The “fine arts” are more closely related to having a skill and the creativity to make things with that skill; such as painting, stitching, drawing, pottery, playing guitar, or wacting. Art is not just hanging up in museums; it is everywhere. It is the music you listen to and the clothes that you wear. If all that disappeared from the world, what would there be?
Perhaps a better question would be what would happen if we lost the creativity that goes along with art? Art is in advertisements that we see everyday. Art classes open the door to learning about the creativity that goes into such things.
Last semester, there was a proposal to get rid of the art requirement for the Liberal Studies Curriculum, however it did not go through but, you have to wonder if it had, how would the decision affect the future of our institution? St. Michael’s College is widely known as a Liberal Arts College, which allows students to graduate as well rounded individuals; having been required to take classes outside of their major. As a Spanish major, I have used the curriculum to take math, science, art, and religion classes. I have also developed a new found love for certain subjects such as religion and the arts.The fine art requirement covers anything from painting and drawing, sculpture, theater, and music.
Will Mentor, associate professor of Fine Arts at St. Michael’s College, describes the importance of a Liberal Studies Curriculum. “Liberal arts are deeply important now,” said Mentor. “Taking four years of your life and studying the individuality and connectedness between subjects, I consider that to be one of the most practical things you can do now. You create critical skills”.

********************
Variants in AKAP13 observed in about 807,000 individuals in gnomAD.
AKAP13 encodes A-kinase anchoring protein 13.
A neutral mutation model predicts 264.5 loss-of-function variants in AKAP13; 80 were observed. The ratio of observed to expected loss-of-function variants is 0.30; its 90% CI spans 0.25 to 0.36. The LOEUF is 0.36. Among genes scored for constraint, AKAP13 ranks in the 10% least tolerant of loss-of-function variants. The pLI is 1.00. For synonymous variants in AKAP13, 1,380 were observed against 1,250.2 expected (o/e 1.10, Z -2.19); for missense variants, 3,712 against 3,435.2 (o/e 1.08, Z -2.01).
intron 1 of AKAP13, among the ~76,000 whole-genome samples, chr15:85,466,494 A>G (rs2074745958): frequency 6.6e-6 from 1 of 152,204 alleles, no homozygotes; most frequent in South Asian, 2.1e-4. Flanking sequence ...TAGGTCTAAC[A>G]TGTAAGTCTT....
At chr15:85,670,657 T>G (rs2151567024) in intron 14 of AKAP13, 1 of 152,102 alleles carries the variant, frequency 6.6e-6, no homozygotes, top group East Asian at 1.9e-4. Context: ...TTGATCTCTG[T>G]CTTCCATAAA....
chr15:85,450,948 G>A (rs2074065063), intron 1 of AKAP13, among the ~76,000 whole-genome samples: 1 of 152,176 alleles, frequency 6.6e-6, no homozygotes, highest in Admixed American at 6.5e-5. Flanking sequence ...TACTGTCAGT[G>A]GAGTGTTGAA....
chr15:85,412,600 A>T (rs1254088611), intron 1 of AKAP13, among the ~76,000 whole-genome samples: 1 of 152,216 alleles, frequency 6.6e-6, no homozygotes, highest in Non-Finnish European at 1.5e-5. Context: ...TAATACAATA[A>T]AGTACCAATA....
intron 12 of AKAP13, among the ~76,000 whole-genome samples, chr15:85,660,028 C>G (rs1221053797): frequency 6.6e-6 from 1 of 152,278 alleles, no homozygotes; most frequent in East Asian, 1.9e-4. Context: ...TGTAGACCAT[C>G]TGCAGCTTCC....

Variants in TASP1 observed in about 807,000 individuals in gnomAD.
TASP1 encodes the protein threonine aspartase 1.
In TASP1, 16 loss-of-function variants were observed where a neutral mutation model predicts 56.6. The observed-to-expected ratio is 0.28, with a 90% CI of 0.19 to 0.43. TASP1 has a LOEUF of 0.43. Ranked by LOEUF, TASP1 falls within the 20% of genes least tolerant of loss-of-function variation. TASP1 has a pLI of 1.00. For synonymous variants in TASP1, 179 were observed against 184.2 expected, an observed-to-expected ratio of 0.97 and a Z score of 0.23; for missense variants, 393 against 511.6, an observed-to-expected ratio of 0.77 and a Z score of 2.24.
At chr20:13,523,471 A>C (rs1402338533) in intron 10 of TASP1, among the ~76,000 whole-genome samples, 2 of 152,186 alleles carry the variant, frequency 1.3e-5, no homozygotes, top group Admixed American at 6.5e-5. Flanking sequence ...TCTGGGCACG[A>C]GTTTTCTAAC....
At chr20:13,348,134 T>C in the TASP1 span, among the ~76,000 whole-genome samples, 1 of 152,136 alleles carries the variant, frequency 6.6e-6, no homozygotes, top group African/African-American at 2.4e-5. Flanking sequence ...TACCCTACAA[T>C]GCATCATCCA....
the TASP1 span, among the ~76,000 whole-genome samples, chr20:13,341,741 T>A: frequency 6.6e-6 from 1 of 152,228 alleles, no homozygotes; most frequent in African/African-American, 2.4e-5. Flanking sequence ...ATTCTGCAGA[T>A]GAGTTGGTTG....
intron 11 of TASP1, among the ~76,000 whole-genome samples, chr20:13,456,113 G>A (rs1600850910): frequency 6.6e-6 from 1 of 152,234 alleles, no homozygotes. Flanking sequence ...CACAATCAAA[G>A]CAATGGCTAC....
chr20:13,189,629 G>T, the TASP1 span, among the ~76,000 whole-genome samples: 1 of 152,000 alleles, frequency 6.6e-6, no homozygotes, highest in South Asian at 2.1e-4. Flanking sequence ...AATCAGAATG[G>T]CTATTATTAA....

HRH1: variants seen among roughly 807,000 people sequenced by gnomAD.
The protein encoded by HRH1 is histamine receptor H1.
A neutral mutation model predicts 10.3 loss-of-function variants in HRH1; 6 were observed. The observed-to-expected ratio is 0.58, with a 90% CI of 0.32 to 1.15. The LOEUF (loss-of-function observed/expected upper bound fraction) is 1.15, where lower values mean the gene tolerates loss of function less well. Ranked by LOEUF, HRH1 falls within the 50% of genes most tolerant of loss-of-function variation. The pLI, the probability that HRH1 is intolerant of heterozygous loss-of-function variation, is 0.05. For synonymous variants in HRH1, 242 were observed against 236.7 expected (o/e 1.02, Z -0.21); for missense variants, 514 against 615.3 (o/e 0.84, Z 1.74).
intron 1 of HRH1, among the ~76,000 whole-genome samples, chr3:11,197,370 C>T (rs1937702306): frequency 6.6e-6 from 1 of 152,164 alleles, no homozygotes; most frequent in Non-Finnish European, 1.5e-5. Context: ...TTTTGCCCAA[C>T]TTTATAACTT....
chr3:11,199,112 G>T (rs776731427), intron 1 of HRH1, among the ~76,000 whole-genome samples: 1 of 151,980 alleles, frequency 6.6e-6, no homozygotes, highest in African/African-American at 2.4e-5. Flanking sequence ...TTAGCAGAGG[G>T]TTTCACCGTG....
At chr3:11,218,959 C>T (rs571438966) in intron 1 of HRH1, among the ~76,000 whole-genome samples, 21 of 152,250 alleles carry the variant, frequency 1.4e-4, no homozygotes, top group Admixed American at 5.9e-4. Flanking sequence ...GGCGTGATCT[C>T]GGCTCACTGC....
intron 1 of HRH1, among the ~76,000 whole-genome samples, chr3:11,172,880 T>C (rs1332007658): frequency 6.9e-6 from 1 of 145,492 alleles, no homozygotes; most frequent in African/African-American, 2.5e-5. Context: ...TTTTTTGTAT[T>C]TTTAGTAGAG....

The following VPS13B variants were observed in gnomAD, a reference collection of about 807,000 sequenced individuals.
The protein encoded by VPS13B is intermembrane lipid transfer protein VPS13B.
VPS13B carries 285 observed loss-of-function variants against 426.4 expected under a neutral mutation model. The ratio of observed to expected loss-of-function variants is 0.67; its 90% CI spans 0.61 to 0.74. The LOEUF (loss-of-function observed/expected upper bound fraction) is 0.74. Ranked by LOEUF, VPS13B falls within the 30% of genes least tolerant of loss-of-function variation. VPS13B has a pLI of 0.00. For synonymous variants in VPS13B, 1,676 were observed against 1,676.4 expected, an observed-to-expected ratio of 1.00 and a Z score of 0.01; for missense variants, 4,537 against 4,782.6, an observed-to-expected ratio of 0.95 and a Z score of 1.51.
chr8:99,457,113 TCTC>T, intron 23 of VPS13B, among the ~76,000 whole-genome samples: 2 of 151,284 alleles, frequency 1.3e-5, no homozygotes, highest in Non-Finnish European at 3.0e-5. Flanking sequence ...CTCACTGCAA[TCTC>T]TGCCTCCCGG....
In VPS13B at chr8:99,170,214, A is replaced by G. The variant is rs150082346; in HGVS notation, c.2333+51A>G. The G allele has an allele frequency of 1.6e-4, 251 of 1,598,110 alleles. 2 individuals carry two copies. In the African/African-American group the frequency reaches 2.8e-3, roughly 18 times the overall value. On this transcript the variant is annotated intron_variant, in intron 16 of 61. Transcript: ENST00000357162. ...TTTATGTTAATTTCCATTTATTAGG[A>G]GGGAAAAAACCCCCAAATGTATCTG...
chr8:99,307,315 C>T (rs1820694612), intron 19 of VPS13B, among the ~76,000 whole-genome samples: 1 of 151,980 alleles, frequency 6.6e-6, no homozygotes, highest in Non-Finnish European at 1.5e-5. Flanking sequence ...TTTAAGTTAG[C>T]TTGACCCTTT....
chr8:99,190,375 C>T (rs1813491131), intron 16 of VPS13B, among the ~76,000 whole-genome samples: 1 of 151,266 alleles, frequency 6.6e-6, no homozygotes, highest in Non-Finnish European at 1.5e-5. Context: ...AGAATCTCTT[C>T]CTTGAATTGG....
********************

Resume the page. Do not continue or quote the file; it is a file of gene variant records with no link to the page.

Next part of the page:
We all know the struggle of taking a class that we do not particularly enjoy. Art can be frustrating to some people just like math or science can be frustrating. Art classes have always been different than other classes because you do play with your own creative ideas and anything can happen. Whereas in a science or math class you are working toward a set goal. Brian Collier, assistant professor of Fine Arts at St. Michael’s College, stated that if we lost the art requirement, “if they do not want to take it, then they won’t take it.” Having found an appreciation for art in my junior year of high school at the second school I attended, I can agree exposure is key.
At the first high school I attended, there was no art requirement, so I did not take it. Then when I transferred to another high school, I needed to take an art class.That began a journey and I ended up taking many art classes and have since continued them. The first year at my new school, I took three art electives; drawing, painting, and sculpture. These courses helped open my eyes to the creative world. Then the next year I took more advanced drawing classes and art history courses. Here at St. Michael’s, I have taken a drawing class and all the Art History courses that are offered. While I did not choose to continue my studies in making art, I was still learning about it and how important it really is. After taking my final Art History class at St. Michael’s, Art Since 1960, I see art everywhere.